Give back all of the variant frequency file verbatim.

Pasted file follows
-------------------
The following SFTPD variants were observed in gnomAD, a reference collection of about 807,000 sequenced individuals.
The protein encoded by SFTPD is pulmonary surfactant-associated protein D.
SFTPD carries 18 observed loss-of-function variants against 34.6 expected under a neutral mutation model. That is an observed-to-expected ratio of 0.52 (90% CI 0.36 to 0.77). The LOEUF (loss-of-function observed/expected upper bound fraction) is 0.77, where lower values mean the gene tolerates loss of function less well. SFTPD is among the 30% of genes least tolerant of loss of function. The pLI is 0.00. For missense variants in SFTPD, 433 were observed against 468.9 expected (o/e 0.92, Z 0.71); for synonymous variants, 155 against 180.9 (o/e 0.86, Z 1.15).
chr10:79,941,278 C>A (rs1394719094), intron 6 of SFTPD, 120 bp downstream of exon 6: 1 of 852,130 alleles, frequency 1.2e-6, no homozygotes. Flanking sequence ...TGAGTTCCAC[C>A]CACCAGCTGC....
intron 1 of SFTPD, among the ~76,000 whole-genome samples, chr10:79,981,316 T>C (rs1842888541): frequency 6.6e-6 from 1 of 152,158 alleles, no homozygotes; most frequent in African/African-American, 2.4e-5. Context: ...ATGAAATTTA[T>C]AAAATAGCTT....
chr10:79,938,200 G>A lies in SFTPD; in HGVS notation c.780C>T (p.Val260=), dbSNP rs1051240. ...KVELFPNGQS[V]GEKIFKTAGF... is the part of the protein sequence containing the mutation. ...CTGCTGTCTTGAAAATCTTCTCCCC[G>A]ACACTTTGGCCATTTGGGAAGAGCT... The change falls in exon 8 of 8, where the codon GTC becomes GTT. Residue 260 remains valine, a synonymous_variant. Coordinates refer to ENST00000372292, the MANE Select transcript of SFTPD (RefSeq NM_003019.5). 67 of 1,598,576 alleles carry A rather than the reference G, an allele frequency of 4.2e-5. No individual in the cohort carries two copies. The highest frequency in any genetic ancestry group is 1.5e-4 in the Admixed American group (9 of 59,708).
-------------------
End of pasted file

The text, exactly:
The following SFTPD variants were observed in gnomAD, a reference collection of about 807,000 sequenced individuals.
The protein encoded by SFTPD is pulmonary surfactant-associated protein D.
SFTPD carries 18 observed loss-of-function variants against 34.6 expected under a neutral mutation model. That is an observed-to-expected ratio of 0.52 (90% CI 0.36 to 0.77). The LOEUF (loss-of-function observed/expected upper bound fraction) is 0.77, where lower values mean the gene tolerates loss of function less well. SFTPD is among the 30% of genes least tolerant of loss of function. The pLI is 0.00. For missense variants in SFTPD, 433 were observed against 468.9 expected (o/e 0.92, Z 0.71); for synonymous variants, 155 against 180.9 (o/e 0.86, Z 1.15).
chr10:79,941,278 C>A (rs1394719094), intron 6 of SFTPD, 120 bp downstream of exon 6: 1 of 852,130 alleles, frequency 1.2e-6, no homozygotes. Flanking sequence ...TGAGTTCCAC[C>A]CACCAGCTGC....
intron 1 of SFTPD, among the ~76,000 whole-genome samples, chr10:79,981,316 T>C (rs1842888541): frequency 6.6e-6 from 1 of 152,158 alleles, no homozygotes; most frequent in African/African-American, 2.4e-5. Context: ...ATGAAATTTA[T>C]AAAATAGCTT....
chr10:79,938,200 G>A lies in SFTPD; in HGVS notation c.780C>T (p.Val260=), dbSNP rs1051240. ...KVELFPNGQS[V]GEKIFKTAGF... is the part of the protein sequence containing the mutation. ...CTGCTGTCTTGAAAATCTTCTCCCC[G>A]ACACTTTGGCCATTTGGGAAGAGCT... The change falls in exon 8 of 8, where the codon GTC becomes GTT. Residue 260 remains valine, a synonymous_variant. Coordinates refer to ENST00000372292, the MANE Select transcript of SFTPD (RefSeq NM_003019.5). 67 of 1,598,576 alleles carry A rather than the reference G, an allele frequency of 4.2e-5. No individual in the cohort carries two copies. The highest frequency in any genetic ancestry group is 1.5e-4 in the Admixed American group (9 of 59,708).